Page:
Visiting time

Most agree that treating the elderly well is a mark of a decent society and many care workers are desperate to be able to do their jobs well. But the care system itself is in an unprecedented crisis

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The first thing Karen McDonald does when she enters Pauline Kaye’s bedroom is plant a kiss on the 70 year old’s forehead. Soon after, Kaye’s second carer, Jody Matthews, arrives and follows suit. Pauline, who has slept in her living room since a stroke left her completely paralysed in 2006, is bed bound. The bond between the three women and Pauline’s husband of 51 years, Bill, is obvious.

Although it is difficult for Pauline to speak, she manages a few words. “I love them,” she says of McDonald and Matthews, with a mischievous look in her eye. “But not in a sexy way.”

“The carers we have now have a way of dealing with her that is just lovely.”

Relatively speaking, Pauline is one of the lucky ones. On 11 October, the Care Quality Commission (CQC) watchdog warned that the entire English care sector is “at risk” as care homes shut and providers pull out, due to burgeoning costs and reduced fees from local authorities facing severe budget cuts. Over the past year the national living wage contributed to a 30 percent increase in running costs for providers, which have seen a 40 per cent fall in their profit margins, the CQC found. The situation is endangering the quality and safety of care for millions of disabled and elderly people. With demand for services only set to rise, some are asking whether the way the system is funded and delivered needs overhauling.

The social care crisis has been festering away for years and the CQC’s announcement comes as no surprise to those with experience of the system. It certainly wouldn’t surprise 73-year-old Bill, who along with Pauline has experienced the good, the bad and the ugly of increasingly ailing services over the past decade.

“The carers we have now are brilliant. They have a way of dealing with her when she’s upset that is just lovely. They’re angels,” says Bill, as he sits in the kitchen while McDonald and Matthews wash and change Pauline. “But with the carers from other companies we’ve had, they’d say: ‘Oh, we’re sorry we can’t stay. Ta-ra.’ Time’s up, gone. They were under pressure to get to the next job. We’ve had the water that they’d washed her underneath with poured over the pots, and flannels put down the toilet.”

Despite a government pledge to stamp out a culture of 15 minute care calls in March last year, they are still a fact of life for many elderly people across the north who need assistance with a variety of activities such as washing, eating and getting up, and who may have no other source of social interaction. In September it was revealed that a majority of councils in the North West still commission the 15 minute visits.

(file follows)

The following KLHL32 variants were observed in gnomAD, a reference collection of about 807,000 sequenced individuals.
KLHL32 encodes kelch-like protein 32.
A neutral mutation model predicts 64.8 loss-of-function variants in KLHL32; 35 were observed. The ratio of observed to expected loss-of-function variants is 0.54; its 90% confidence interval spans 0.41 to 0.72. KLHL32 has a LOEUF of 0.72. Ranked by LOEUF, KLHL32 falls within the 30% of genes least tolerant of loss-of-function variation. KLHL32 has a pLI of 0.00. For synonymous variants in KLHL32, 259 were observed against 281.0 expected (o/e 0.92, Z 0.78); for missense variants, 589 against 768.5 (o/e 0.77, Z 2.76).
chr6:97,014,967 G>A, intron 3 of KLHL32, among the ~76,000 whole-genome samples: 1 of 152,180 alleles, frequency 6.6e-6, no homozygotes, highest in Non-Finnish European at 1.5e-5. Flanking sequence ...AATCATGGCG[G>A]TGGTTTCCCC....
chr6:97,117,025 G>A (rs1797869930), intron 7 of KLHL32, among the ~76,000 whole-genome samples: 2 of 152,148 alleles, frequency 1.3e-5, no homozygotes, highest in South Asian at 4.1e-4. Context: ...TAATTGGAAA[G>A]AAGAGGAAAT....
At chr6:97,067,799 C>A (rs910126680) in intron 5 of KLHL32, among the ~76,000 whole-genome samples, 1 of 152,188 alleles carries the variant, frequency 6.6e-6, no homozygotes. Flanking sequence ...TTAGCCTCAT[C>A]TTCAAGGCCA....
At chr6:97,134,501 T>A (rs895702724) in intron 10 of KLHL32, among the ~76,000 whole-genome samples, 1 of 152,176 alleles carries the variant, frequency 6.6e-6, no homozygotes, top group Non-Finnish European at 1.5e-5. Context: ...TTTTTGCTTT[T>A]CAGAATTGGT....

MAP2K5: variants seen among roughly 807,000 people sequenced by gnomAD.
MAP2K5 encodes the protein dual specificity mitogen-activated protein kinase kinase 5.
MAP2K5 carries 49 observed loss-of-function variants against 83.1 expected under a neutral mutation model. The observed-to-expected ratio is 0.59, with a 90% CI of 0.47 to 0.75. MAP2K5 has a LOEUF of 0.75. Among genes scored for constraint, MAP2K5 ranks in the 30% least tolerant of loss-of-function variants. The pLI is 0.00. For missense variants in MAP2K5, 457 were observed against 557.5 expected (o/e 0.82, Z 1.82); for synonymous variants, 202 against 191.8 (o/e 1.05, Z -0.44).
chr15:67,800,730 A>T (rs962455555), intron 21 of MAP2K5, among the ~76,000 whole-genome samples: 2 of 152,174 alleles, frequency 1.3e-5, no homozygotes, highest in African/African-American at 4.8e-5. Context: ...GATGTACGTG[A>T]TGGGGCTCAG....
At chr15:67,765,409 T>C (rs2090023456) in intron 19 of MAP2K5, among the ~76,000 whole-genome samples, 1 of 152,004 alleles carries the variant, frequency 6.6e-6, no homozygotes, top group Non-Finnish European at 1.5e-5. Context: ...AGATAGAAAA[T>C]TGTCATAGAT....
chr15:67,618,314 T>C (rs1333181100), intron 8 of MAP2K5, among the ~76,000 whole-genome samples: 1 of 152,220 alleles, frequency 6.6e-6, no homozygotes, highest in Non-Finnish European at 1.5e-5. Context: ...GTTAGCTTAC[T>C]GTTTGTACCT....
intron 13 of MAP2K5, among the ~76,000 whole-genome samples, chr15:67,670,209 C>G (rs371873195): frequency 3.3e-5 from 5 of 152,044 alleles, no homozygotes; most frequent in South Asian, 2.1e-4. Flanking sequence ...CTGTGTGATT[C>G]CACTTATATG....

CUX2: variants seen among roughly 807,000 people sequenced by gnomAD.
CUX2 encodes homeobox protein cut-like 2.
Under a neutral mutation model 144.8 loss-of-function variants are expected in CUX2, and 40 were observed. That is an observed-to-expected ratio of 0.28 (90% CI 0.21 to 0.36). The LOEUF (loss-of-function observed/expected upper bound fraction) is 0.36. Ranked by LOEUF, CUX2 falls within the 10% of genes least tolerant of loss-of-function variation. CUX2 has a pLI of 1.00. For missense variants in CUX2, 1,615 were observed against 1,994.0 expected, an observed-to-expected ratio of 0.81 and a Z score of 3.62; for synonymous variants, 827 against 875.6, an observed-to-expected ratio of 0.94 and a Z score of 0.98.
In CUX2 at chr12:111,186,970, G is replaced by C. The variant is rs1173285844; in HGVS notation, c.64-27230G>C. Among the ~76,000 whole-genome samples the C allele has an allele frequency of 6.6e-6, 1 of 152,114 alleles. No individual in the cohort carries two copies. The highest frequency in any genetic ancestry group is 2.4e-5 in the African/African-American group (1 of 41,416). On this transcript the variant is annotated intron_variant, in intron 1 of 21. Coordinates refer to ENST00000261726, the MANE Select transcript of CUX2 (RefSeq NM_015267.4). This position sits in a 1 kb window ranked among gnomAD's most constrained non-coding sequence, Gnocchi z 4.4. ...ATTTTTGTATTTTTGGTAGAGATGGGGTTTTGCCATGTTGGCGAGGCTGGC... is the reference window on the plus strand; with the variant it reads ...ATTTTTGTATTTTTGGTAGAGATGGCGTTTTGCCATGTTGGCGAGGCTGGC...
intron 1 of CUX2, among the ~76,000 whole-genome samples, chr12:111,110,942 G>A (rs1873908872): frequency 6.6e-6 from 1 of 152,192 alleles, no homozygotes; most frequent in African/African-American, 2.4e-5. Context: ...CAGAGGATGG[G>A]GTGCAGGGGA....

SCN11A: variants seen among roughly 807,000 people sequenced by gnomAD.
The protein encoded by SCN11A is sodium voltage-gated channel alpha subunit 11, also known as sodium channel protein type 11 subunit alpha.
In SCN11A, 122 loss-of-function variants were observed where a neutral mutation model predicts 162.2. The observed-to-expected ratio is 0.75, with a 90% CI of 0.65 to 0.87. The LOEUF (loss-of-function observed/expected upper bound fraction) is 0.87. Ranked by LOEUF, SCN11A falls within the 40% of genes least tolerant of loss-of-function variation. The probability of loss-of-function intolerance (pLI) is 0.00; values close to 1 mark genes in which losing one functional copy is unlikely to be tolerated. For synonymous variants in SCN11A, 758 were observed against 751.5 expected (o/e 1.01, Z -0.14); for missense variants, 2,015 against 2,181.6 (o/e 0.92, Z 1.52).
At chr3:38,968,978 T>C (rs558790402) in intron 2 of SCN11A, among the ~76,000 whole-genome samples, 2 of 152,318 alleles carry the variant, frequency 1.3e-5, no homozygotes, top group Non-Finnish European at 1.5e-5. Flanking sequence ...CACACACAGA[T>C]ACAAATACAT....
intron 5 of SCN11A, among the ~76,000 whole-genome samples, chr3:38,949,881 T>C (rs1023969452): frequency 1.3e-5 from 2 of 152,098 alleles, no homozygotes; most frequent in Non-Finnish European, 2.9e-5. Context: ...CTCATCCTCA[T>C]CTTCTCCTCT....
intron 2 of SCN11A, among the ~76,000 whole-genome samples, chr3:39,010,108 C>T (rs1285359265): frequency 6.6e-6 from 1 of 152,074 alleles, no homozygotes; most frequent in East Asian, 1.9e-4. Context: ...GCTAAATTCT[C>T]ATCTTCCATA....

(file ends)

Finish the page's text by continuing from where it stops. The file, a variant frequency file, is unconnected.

Fortunately Bill, who suffers from diabetes and bad nerves, manages Pauline’s care budget himself – taking responsibility for employing care providers out of the hands of Hull’s overstretched council. The couple are part of a group that a King’s Fund study, published in September, described as “relatively well off and well informed”, who are able to escape “an increasingly threadbare local authority safety net” that the poorest and most vulnerable must rely on.

That’s why Bill employed the services of Hull’s Bluebird Care, a small franchise that is among a growing number of care companies refusing to carry out work on behalf of cash-strapped local authorities. In July, the Mears Group home care provider cancelled contracts with Liverpool and Wirral councils, citing an “extremely irresponsible” contract offer that did not cover the costs of its carers’ wages or a proper standard of care. Now many care companies, including the Hull Bluebird franchise, will only provide services for those who can pay privately, or have taken control of their council-allocated care budget or that of a family member – an option that, as well as allowing people to choose personalised care packages, means they can also pay top-up fees if necessary.

“Bluebird make sure there’s enough travel time between visits, so that you’re not eating into the amount of time your supposed to spend with a client,” says Matthews, who has worked in care for 10 years. “That’s important because we the carers can pick up speed, but the people we’re looking after can’t. You’re in someone’s home – you can’t just pretend they’re not there.”

Before leaving her last job in a care home, which she says was “horrific”, Matthews cared for Pauline while employed at another company. In fact, one of the reasons she decided to work for Bluebird is because of her long-standing relationship with the Kayes. Matthews describes Bluebird as “the best provider of home care I’ve worked for”, but says the industry as a whole “demands way too much from carers”, pays badly and runs on zero hour contracts, leading to high turnover rates in an occupation where familiarity affords dignity.

The domiciliary care sector is notorious for not paying carers between visits. The National Audit Office reports that up to 220,000 of Britain’s 1.4 million care workers are paid less than the minimum wage when travel time is taken into account. Care homes have also been guilty of not paying staff the minimum wage. In August the government named and shamed a number of establishments in the north of England for the offence.

According to 78-year-old Brenda*, it’s not just carers’ wages that are feeling the pinch. Since moving into a council-funded residential home in East Yorkshire six years ago after being diagnosed with Parkinson’s disease, Brenda has witnessed the home’s staff shrink, with a subsequent increase in workload. Much of the time just two carers are responsible for around 20 residents, many of whom suffer from dementia and other complex conditions.

“When I first arrived the staff used to come and talk to me and I had more of a relationship with them,” explains Brenda. “But now they’re so rushed they haven’t got time to sit and talk anymore. There are social things like bingo, but I stay in my room most of the time.”

Carer Emma Wallworth, from Stockport, tells a depressingly similar story. For eight years she worked at a high dependency care home, but had to move to another care job six months ago because of a back injury caused by years of lifting patients in and out of bed.

Bill Kaye pays for his wife’s care leaving them able to escape “an increasingly threadbare local authority safety net”